Summative Assessment and High-Stakes Testing

Summative assessment, such as paper-and-pencil tests, is an efficient and objective assessment approach that allows quick and reliable results. The goal of summative assessment is to evaluate student learning at the end of a specified period or event, such as at the end of an instructional unit. Summative assessment includes direct testing and may include the following question types: multiple-choice, matching, true or false, fill-in-the-blank, short answer, or a combination of these. Other examples of summative assessment include a final paper or a music recital. Although this approach can be informative, when used in isolation, it may not assess the development of the whole child.

Summative assessments are often high-stakes, which means that they have a high point value. Given the high point value, there can be significant consequences for students if they do not perform well. Although summative assessment practices can be less time-consuming than formative assessment methods, some children may learn to associate negative feelings such as fear with tests, which may lead to test anxiety. Therefore, teachers are encouraged to create friendly and low-stress environments when testing, such as playing relaxing music, giving tests fun names, and allowing children to participate in high-interest activities following tests.

When administering summative assessments, it is important to consider whether students need accommodations. Testing accommodations are changes to the regular testing environment and auxiliary aids and services that allow individuals with disabilities to demonstrate their knowledge (U.S. Department of Justice Civil Rights Division, n.d.). Examples of testing accommodations include extended time, testing in a distraction-free room, use of scribes, having the test read aloud when reading is not being assessed, and physical prompts such as redirection.

Judging the Quality and Utility of Assessments

Given that assessment instruments are used to inform instructional and diagnostic decisions, it is imperative that practitioners select quality instruments that demonstrate adequate psychometric properties. Reliability and validity are the two main psychometric properties.

Reliability is the ability to reproduce a result consistently. Three common forms of reliability include internal reliability, test/re-test reliability, and inter-rater reliability. Internal reliability assesses the consistency of scores across items within a test. Salvia, Ysseldyke, and Witmer (2017) recommended a minimum internal reliability standard of .80 when making screening decisions and a reliability standard of .90 when making diagnostic decisions. Test-retest reliability is obtained by administering the same test twice to the same individual over a period of time. Inter-rater reliability is used to assess the degree to which scores across items for different raters are similar. Inter-rater reliability is especially important when assessment involves observations of behavior, including rating scales, because observers may not interpret items the same way.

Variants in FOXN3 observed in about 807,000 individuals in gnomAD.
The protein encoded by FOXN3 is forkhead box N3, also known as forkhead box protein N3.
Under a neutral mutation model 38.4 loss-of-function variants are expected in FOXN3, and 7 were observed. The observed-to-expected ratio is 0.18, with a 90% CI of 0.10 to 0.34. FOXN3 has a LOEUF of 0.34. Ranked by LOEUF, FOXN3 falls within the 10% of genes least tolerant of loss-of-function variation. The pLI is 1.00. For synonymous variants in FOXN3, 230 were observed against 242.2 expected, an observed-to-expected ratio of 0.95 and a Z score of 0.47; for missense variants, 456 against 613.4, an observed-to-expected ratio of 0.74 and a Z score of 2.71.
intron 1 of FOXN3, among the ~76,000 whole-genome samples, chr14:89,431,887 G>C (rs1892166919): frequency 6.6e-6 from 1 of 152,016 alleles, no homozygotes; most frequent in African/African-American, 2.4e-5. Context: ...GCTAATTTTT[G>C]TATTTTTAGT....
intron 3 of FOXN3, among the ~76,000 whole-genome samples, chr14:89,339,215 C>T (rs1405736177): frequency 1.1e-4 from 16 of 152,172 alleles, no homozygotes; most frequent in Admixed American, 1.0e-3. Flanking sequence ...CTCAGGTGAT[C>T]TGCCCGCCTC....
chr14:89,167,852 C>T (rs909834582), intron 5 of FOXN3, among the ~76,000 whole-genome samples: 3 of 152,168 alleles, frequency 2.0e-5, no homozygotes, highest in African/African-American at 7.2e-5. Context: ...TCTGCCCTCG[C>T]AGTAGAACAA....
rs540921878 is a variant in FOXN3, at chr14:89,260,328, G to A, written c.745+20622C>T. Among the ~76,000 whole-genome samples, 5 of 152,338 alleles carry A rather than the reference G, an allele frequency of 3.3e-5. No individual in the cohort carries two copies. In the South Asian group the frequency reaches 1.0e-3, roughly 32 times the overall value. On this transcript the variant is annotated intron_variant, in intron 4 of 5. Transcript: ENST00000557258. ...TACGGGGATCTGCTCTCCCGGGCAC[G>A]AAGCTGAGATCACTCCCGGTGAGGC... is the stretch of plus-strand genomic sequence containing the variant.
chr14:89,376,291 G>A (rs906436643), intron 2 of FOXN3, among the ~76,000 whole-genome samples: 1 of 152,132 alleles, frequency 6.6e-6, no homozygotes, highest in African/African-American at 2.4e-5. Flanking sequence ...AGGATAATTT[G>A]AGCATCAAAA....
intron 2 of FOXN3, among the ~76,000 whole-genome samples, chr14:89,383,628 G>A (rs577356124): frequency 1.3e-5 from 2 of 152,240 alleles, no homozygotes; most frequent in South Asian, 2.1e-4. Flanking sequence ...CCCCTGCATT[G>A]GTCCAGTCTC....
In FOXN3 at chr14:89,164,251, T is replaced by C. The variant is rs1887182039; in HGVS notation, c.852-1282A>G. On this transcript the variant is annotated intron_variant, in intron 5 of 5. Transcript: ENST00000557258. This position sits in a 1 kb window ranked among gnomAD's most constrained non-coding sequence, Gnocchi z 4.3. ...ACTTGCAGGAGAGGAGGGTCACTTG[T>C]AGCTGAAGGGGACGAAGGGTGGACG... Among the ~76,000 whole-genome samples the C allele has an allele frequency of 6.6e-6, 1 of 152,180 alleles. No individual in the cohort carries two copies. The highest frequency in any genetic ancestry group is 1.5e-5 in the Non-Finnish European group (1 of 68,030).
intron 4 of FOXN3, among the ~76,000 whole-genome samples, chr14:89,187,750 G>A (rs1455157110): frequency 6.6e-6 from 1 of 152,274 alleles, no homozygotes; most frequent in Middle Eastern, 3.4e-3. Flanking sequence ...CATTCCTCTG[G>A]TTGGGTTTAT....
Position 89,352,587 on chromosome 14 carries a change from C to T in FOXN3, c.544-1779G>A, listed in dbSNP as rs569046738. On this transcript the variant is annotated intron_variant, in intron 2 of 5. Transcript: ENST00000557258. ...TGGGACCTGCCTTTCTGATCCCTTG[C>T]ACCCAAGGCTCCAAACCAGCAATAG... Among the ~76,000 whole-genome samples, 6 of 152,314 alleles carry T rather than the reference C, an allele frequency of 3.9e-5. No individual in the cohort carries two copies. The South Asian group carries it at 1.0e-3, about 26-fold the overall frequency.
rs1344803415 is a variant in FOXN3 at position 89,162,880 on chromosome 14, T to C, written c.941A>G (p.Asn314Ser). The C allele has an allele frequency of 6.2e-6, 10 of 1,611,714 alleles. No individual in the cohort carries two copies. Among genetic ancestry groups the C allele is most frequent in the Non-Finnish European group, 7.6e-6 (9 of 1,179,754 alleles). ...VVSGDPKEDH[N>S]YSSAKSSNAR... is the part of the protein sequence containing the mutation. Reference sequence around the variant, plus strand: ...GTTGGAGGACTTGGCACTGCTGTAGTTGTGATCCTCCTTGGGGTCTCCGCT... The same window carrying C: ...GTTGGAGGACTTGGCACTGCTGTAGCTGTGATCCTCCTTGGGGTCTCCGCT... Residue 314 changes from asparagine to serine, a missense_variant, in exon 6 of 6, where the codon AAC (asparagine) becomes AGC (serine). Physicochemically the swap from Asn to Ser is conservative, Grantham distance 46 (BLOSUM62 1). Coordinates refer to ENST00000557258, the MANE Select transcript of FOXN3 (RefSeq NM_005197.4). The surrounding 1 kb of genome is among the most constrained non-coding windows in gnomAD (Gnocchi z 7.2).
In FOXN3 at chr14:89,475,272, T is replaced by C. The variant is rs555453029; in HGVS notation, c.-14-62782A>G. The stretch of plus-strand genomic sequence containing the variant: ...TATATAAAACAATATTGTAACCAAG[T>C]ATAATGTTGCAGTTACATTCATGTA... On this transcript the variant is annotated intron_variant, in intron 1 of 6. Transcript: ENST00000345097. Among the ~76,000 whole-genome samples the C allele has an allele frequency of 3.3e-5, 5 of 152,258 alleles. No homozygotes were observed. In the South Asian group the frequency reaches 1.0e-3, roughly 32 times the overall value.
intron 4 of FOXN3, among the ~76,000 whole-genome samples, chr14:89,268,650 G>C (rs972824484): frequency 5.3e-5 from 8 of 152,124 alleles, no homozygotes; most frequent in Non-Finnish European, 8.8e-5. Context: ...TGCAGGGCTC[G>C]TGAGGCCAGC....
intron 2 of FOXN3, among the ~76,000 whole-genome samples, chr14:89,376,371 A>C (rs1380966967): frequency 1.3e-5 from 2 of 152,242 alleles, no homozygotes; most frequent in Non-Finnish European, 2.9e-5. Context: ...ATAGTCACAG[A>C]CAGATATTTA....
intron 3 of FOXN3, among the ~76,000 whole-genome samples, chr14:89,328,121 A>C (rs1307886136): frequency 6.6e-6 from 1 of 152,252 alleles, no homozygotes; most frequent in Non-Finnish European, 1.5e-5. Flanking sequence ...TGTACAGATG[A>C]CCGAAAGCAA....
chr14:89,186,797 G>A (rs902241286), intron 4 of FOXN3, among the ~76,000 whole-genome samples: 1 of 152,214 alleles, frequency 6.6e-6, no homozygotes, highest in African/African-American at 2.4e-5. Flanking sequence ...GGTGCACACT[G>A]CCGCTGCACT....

Validity encompasses the extent to which scores reflect what the test is designed to measure. The three main forms of validity include face validity, construct validity, and criterion-related validity. Face validity helps answer the question of whether the instrument appears to be assessing what it is designed to measure, and may include expert consensus. Construct validity assesses whether the instrument measures the construct it is designed to measure and not some other construct. For example, an assessment instrument designed to assess disruptive behavior should actually assess disruptive behavior and not reading skills or intelligence. Construct validity can be assessed by analyzing the relationship of scores between two or more assessment instruments (Messick, 1995). Messick (1995) suggested that both convergent and discriminant correlation patterns are important to investigate when exploring construct validity. Convergent patterns indicate a correspondence between measures of the same construct, whereas discriminant patterns indicate distinctness from measures of other constructs (Messick, 1995). Finally, criterion-related validity is used to predict current or future outcomes. Concurrent validity refers to a comparison of scores between the instrument and some outcome at the same time while predictive validity refers to a comparison of scores between the instrument and some later outcome.

When selecting quality instruments for both formative and summative assessment, it is insufficient to have adequate reliability, and test scores must also demonstrate adequate validity. When reviewing assessments, these properties may typically be found in the technical portion of the test manual. Additionally, the Mental Measurements Yearbook is a resource that includes test reviews, including measures of reliability and validity. By selecting quality tools, professionals may have confidence that the tools they are using are useful for obtaining information related to a specific area.

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